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10 Ways To Optimize Performance and Improve Injury Recovery

Published: 2020-12-17
10 Ways To Optimize Performance and Improve Injury Recovery
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Today’s athletes benefit from scientific research about nutrition, movement, training, and recovery. Because of this, the athletes of today have surpassed performance standards from previous generations. Consider the feat of breaking the five-minute mile. At one point in history, that was the goal of runners. Now, runners are completing mile runs in under four minutes.

Researchers are continuing to look for ways to improve performance and speed up recovery. They’ve already found several tips that any athlete can use to work on performance and recovery.

Tip #1: Build Muscle Memory

Athletes tend to specialize in one sport. To become the best they can at that sport, they repeat the movements that they do regularly. Consider a baseball shortstop. He has to repeatedly practice fielding balls and throwing to the bases. Anyone who has tried to play shortstop without any practice knows how challenging that position is. But, after training the muscles, practiced shortstops make the tasks look easy. 

Tip #2: Get Regular Treatments

Research finds that athletes often benefit from regular chiropractic treatments. With regular adjustments, the spine and joints remain supple. Some athletes choose massage or chiropractic adjustment first because they understand how important recovery is for their physical successes. If you get your massage first, your joints will be better prepared for adjustments. And, if you choose the adjustment first, your massage therapist will have an easier time getting your muscles to relax.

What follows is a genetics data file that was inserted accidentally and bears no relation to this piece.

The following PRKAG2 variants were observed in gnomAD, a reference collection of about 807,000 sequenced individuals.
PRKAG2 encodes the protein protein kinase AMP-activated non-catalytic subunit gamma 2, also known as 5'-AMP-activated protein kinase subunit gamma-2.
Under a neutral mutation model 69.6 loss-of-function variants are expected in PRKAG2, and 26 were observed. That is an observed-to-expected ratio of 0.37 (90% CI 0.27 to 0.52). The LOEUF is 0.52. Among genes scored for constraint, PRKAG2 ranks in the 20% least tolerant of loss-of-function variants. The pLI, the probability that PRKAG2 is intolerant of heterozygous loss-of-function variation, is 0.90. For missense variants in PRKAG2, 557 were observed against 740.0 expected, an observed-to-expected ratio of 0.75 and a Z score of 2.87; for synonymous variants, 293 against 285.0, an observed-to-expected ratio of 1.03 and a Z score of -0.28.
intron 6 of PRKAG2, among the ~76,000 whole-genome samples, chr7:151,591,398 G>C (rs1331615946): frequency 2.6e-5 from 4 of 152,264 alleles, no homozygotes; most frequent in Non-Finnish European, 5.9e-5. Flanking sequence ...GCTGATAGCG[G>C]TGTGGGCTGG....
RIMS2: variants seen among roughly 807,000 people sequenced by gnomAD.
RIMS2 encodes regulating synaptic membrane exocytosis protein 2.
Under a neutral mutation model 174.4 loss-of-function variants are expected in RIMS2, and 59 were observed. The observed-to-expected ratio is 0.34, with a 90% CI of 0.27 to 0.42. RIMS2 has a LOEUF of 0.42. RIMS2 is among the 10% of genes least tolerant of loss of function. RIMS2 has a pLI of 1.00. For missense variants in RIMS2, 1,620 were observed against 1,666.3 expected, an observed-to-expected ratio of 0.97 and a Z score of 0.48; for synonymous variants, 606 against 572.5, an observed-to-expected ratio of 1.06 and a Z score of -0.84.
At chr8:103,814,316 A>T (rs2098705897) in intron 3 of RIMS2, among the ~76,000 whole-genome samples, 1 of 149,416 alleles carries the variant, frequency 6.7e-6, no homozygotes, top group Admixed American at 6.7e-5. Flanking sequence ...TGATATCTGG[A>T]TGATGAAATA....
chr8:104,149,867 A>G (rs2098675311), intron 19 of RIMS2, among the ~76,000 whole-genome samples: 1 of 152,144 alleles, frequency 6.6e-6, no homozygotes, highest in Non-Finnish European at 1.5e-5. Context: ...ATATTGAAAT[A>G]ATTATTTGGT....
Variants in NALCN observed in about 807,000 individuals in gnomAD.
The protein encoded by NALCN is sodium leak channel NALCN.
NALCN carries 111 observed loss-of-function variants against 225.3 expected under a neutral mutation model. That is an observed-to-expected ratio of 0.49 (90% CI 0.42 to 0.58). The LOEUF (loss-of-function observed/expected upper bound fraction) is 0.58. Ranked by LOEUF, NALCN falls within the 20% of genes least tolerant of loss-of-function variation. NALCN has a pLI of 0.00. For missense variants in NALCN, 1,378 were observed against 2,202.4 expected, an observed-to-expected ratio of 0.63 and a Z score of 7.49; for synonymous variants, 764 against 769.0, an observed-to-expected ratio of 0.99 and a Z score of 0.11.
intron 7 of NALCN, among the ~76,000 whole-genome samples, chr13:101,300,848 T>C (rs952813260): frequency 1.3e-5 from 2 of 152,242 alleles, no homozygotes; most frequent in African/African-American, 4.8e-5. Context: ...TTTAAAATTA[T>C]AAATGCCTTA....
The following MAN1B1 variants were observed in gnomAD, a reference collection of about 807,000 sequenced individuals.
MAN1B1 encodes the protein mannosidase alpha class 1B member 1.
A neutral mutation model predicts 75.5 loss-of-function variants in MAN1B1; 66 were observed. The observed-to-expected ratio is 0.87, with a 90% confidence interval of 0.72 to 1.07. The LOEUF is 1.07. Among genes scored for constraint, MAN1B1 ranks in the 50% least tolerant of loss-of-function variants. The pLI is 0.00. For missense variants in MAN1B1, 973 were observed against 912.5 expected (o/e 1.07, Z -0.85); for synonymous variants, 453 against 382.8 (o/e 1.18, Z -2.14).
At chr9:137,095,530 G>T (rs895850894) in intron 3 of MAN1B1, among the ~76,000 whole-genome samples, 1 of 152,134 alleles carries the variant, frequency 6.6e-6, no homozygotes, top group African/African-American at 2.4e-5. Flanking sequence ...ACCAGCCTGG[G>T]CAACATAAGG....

Tip #3: Vary Your Workouts

While muscle memory is vital to any athlete’s success, it is also necessary to move in varied ways. If athletes only work their necessary muscles, they can have repetitive-use injuries. When athletes change-up their workouts, their muscles get surprised and build strength and flexibility.

As you vary your workouts, be sure you are doing things that are useful. For example, the baseball shortstop needs to build flexibility and fast-twitch muscles. So, it can be helpful for the shortstop to do yoga for flexibility and to do box jumps or other plyometrics for fast-twitch muscles.

Tip #4: Get Functional

Athletes need activities that will help them reach their goals. For example, the baseball shortstop should do some weight lifting, but not in the same way a football lineman would. The regular regimen should match the movements the athlete will be doing on a regular basis. By focusing on functional moves, the athlete is less likely to be injured, because the necessary muscles are strengthened. But, those moves should be changed occasionally to keep complementary muscles moving, too.

Tip #5: Eat Nutritious Food on a Set Schedule

Top athletes often work with nutritionists who can develop meal plans for training, performance, and recovery. We are what we eat, so top athletes tend to only eat healthy foods that help their performance. Athletes at any level can improve their performance by improving their food choices.